February 8, 2011 at 7:45 pm #122579
What is text4baby? Well it’s a service that sends free text messages to women who are pregnant or whose babies are less than a year old and gives them info and reminders to improve their health and the health of their babies.
In it’s first year the service picked up 135,000 numbers to text. That’s pretty awesome. Another cool thing about this is that it’s easy and also customizable. All you need to do is send a text message to the number 511411 with the word BABY or BEBE (for Spanish messages). After that they ask your due date and zip and giving age and area specific tips. Pretty awesome.
February 8, 2011 at 8:05 pm #122585
I read this same article via Chris Dorobek. I think it’s a fantastic program. Some might wonder – dont mothers already know what to do in their pregnancy? Doesn’t mother nature kick in? Probably to some degree, but I am sure one day I will be calling other mothers non-stop to get good tips, so I in totally in favor of this program.
February 9, 2011 at 2:24 pm #122583
Jacque (Brown) MyersParticipant
I subscribe to text4baby, and while there’s a lot of stuff I already know or have read since we found out we’re expecting, there are also some great tips that I might not have thought about (e.g. tell your dentist your pregnant if he recommends xrays). I think this is a great program for people who aren’t extreme health information consumers like me. I’ve also heard that the program has been attributed for increasing 20-week check-ups.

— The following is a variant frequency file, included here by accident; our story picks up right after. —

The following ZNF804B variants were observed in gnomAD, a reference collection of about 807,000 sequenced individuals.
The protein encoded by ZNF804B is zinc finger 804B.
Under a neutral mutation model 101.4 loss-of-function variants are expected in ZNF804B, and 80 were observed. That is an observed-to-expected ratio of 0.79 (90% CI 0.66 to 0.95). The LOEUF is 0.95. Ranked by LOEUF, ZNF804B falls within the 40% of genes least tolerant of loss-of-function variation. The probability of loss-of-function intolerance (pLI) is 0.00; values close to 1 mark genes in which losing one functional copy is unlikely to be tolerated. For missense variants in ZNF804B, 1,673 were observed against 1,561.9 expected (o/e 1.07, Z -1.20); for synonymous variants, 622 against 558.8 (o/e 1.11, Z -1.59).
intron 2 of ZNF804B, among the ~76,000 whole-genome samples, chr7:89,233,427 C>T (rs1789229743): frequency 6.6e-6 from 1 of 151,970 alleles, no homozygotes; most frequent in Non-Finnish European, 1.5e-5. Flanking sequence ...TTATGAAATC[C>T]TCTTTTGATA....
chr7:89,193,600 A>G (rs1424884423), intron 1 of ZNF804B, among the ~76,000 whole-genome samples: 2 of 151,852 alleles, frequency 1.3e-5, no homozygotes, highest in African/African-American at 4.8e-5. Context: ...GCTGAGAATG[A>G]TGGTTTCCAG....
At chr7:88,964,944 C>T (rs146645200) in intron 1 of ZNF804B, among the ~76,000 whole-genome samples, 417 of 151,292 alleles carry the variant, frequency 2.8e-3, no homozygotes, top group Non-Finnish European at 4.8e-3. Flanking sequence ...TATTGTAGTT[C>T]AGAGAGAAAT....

February 10, 2011 at 8:01 pm #122581
What a great idea! Especially to reach young/teen/at risk mothers.
Anybody old enough to remember Brooke Shields in Blue Lagoon, where she didn’t know she was in labor, or how to feed the baby once it arrived? That’s not so far fetched.
As a mother of 2, I can vouch for the fact that new mothers don’t just intuitively know not to eat fish that might be contaminated with mercury, or not to change cat littler without using gloves & a nose/mouth mask, or even to quit smoking & drinking. There’s a lot to know, and today’s society doesn’t work like small multi-generational villages used to, where “woman’s knowledge” would be passed down simply by living so closely together.
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